Read More

Grand Totals and Subtotals in SQL Server

Just one of those things you may not know existed - the ROLLUP clause. It's very useful for totaling. Are you used to doing something like this? SELECT customer, sum(sales) from table UNION SELECT 'Total', sum(sales) from table The problem here is that on larger datasets, this can really be a pain in terms of performance. ROLLUP can be extremely quick, but the syntax may not be straight forward. Here's an example of summing sales in AdventureWorks2017 with a Grand Total. USE AdventureWorks2017 SELECT SalesOrderID, sum(LineTotal) FROM Sales.SalesOrderDetail where SalesOrderID in ( '43659', '43660', '43661', '43662', '43663' ) GROUP BY SalesOrderID WITH ROLLUP Notice I've added a WITH ROLLUP at the end of my GROUP BY. This creates the grand total. However, I'm left with a NULL for the SalesOrderID. To solve this I wouldn't want to use a coalesce, because a NULL might be valid elsewhere. Instead we should use the GROUPING function. USE AdventureWorks2017 SELECT CASE WHEN GROUPING(SalesOrderID) = 1 THEN 'Total' ELSE cast(SalesOrderID as nvarchar(10)) END as SalesOrderID, sum(LineTotal) FROM Sales.SalesOrderDetail where SalesOrderID in ( '43659', '43660', '43661', '43662', '43663' ) GROUP BY SalesOrderID WITH ROLLUP You can extend this even further...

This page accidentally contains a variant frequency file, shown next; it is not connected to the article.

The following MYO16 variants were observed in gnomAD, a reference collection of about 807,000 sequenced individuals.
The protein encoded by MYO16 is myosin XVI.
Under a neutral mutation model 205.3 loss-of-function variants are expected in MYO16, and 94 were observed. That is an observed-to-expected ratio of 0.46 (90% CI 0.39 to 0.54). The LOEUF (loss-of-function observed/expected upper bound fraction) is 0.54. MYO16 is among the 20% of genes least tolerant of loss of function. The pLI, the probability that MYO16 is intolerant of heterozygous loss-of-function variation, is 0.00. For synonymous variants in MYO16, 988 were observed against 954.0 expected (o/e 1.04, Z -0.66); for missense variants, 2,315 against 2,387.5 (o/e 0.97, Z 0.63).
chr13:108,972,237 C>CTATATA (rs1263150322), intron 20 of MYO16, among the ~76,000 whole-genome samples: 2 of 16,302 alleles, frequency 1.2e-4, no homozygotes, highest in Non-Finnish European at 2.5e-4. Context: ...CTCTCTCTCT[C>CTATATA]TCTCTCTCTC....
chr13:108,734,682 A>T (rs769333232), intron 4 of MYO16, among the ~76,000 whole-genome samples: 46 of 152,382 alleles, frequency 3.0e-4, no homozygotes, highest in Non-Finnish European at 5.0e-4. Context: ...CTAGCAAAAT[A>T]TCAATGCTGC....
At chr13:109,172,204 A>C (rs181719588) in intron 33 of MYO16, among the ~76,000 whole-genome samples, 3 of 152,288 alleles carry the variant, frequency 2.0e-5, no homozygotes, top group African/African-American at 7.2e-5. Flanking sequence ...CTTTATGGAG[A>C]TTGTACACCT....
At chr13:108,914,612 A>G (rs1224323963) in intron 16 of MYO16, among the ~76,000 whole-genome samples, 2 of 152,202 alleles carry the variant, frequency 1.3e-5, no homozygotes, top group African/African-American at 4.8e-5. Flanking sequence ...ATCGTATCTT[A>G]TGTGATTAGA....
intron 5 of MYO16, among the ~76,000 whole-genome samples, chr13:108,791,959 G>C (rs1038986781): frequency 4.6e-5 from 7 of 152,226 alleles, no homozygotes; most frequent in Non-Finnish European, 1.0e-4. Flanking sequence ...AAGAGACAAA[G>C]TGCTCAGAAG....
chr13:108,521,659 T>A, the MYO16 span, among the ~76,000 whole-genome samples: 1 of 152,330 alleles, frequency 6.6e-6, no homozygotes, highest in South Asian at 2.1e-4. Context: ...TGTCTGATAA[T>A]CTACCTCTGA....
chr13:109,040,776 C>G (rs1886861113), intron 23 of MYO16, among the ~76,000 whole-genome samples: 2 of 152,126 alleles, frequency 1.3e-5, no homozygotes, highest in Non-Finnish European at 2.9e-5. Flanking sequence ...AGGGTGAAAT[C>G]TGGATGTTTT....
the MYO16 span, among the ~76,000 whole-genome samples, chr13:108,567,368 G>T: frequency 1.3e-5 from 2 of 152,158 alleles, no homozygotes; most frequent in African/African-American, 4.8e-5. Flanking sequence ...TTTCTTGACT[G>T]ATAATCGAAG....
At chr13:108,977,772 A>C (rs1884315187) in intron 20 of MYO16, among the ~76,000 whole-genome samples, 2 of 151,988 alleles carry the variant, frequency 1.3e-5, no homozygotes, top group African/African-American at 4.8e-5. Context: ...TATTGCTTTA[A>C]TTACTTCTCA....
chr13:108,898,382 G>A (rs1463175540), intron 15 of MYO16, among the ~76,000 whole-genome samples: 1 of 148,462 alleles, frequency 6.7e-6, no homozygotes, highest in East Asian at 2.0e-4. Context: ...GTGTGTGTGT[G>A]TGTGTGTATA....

Read More

Natural Language Processing in Python – Simple Example

NLP is a huge deal recently, and quite "easy" to do on a basic level within Python. In this exercise I completed, we'll show how to classify yelp reviews both with and without text pre-processing. Interesting to note that the pre-processing actually didn't help us here. Natural Language Processing Project - Simple ExampleIn this NLP project we will be attempting to classify Yelp Reviews into 1 star or 5 star categories based off the text content in the reviews. We will use the Yelp Review Data Set from Kaggle. Each observation in this dataset is a review of a particular business by a particular user. The "stars" column is the number of stars (1 through 5) assigned by the reviewer to the business. (Higher stars is better.) In other words, it is the rating of the business by the person who wrote the review. The "cool" column is the number of "cool" votes this review received from other Yelp users. All reviews start with 0 "cool"...
Read More

Search all tables and views for column name in SQL Server

A nifty little bit of code I've used for years and years, very useful if you don't have a third party add-on installed... USE AdventureWorks2017 SELECT * FROM ( SELECT t.name AS name, 'table' as type, SCHEMA_NAME(schema_id) AS schema_name, c.name AS column_name FROM sys.tables AS t INNER JOIN sys.columns c ON t.OBJECT_ID = c.OBJECT_ID WHERE c.name LIKE '%Employee%' UNION SELECT v.name AS name, 'view' as type, SCHEMA_NAME(schema_id) AS schema_name, c.name AS column_name FROM sys.views AS v INNER JOIN sys.columns c ON v.OBJECT_ID = c.OBJECT_ID WHERE c.name LIKE '%Employee%' ) a ORDER BY schema_name, name ...